Attacks on critical infrastructures’ Supervisory Control and Data Acquisition (SCADA) systems are beginning to increase. They are often initiated by highly skilled attackers, who are capable of deploying sophisticated attacks to exfiltrate data or even to cause physical damage. In this paper, we rehearse the rationale for protecting against cyber attacks and evaluate a set of Anomaly Detection (AD) techniques in detecting attacks by analysing traffic captured in a SCADA network. For this purpose, we have implemented a tool chain with a reference implementation of various state-of-the-art AD techniques to detect attacks, which manifest themselves as anomalies. Specifically, in order to evaluate the AD techniques, we apply our tool chain on a dataset created from a gas pipeline SCADA system in Mississippi State University’s lab, which include artefacts of both normal operations and cyber attack scenarios. Our evaluation elaborate on several performance metrics of the examined AD techniques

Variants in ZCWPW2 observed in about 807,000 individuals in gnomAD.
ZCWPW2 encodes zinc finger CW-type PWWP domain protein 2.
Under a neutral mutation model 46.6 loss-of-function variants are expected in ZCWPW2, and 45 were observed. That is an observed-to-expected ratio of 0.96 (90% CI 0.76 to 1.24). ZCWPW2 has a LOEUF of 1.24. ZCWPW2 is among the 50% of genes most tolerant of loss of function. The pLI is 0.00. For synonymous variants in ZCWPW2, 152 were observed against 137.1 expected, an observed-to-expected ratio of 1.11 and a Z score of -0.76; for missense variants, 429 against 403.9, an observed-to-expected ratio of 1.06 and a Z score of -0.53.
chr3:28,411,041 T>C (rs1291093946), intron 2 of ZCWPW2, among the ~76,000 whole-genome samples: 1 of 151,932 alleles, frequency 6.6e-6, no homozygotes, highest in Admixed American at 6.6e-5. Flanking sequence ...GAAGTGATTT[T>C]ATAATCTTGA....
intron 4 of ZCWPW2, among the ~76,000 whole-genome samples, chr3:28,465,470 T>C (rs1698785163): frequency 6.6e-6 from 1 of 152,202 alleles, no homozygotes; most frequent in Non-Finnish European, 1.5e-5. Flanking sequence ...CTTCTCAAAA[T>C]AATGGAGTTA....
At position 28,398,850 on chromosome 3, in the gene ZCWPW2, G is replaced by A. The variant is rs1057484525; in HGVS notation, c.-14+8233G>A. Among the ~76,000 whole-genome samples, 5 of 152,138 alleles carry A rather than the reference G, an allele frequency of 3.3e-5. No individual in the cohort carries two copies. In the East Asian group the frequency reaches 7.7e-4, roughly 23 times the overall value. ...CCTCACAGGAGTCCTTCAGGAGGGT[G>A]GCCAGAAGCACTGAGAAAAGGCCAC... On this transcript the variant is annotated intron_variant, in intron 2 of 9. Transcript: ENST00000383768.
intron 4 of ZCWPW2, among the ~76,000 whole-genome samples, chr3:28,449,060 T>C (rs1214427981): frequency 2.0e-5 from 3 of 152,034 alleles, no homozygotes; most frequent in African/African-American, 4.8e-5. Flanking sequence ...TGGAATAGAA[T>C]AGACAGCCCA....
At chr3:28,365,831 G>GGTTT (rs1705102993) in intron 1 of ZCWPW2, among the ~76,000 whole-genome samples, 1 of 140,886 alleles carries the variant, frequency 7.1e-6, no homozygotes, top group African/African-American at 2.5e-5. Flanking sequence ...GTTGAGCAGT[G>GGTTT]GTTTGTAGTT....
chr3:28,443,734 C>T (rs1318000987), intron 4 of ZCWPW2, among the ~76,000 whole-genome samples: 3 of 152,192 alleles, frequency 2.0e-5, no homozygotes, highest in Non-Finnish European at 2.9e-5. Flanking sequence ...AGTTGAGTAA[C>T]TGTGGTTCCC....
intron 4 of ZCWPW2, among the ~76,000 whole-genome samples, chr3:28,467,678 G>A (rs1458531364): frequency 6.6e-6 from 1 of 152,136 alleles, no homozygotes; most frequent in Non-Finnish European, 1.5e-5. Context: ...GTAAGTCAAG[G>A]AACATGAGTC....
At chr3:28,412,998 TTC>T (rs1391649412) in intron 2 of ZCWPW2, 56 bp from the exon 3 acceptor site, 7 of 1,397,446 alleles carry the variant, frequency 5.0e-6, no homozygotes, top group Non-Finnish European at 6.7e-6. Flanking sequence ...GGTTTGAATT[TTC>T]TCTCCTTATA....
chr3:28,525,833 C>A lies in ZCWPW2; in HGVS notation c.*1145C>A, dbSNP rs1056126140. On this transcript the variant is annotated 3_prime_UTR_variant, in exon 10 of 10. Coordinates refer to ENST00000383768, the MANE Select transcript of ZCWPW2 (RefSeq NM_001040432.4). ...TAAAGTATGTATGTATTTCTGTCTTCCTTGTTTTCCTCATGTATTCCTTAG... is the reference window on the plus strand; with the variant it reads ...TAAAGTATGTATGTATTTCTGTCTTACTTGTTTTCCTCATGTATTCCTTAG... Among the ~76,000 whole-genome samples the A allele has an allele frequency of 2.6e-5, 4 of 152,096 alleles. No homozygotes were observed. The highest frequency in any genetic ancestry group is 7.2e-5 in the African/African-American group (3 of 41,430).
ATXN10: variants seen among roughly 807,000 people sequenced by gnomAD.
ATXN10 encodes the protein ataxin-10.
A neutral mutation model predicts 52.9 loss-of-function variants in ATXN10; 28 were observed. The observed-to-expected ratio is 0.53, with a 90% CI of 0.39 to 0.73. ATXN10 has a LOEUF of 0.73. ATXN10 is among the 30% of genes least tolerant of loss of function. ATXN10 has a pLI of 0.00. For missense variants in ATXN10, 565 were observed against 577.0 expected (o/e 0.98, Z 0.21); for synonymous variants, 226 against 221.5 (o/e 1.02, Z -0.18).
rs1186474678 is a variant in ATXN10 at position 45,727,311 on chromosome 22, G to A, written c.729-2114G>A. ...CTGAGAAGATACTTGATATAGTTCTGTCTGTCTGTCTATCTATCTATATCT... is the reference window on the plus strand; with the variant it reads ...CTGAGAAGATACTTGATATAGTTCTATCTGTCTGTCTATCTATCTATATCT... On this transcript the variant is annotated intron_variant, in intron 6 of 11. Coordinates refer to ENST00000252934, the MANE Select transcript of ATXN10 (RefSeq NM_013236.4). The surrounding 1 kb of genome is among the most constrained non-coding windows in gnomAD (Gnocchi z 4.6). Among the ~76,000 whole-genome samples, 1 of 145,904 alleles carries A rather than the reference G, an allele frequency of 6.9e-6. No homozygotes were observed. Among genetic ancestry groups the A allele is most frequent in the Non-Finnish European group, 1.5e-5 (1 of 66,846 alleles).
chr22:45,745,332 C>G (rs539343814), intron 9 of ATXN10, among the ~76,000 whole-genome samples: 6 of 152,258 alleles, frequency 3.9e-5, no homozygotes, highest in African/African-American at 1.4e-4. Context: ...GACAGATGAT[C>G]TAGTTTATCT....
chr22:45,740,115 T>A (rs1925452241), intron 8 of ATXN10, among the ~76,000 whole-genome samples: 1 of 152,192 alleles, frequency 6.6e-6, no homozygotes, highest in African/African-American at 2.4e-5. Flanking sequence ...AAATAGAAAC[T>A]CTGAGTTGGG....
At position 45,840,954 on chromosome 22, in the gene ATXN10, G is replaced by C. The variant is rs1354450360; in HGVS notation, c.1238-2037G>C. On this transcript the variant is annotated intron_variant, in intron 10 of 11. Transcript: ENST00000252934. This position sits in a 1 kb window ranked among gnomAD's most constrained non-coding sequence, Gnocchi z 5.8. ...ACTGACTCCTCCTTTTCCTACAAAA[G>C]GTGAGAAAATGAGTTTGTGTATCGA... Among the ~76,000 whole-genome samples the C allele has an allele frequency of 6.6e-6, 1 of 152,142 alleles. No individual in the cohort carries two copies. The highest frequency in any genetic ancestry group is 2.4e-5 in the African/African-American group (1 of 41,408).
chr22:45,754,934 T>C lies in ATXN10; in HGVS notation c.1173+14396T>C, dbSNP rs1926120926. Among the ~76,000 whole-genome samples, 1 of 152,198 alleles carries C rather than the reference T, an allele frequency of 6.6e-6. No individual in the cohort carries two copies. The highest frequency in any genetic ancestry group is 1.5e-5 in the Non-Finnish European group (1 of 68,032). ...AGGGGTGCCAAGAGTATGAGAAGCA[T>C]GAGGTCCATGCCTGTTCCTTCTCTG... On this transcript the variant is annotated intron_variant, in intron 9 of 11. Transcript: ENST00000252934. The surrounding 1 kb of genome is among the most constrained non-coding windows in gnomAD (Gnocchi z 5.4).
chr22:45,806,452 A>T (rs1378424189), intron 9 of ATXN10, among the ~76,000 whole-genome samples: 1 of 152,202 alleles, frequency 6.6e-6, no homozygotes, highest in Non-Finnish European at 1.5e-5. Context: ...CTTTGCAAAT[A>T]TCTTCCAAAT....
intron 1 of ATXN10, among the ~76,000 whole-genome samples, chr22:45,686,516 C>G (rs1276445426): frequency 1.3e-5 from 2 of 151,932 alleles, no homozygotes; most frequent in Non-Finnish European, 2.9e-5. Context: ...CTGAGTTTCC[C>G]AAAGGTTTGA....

such as precision; recall; accuracy; F-score and G-score. The results indicate that detection rate may change significantly when considering various attack types and different detections modes (i.e., supervised and unsupervised), and also provide indications that there is a need for a robust, and preferably real-time AD technique to introduce resilience in critical infrastructures.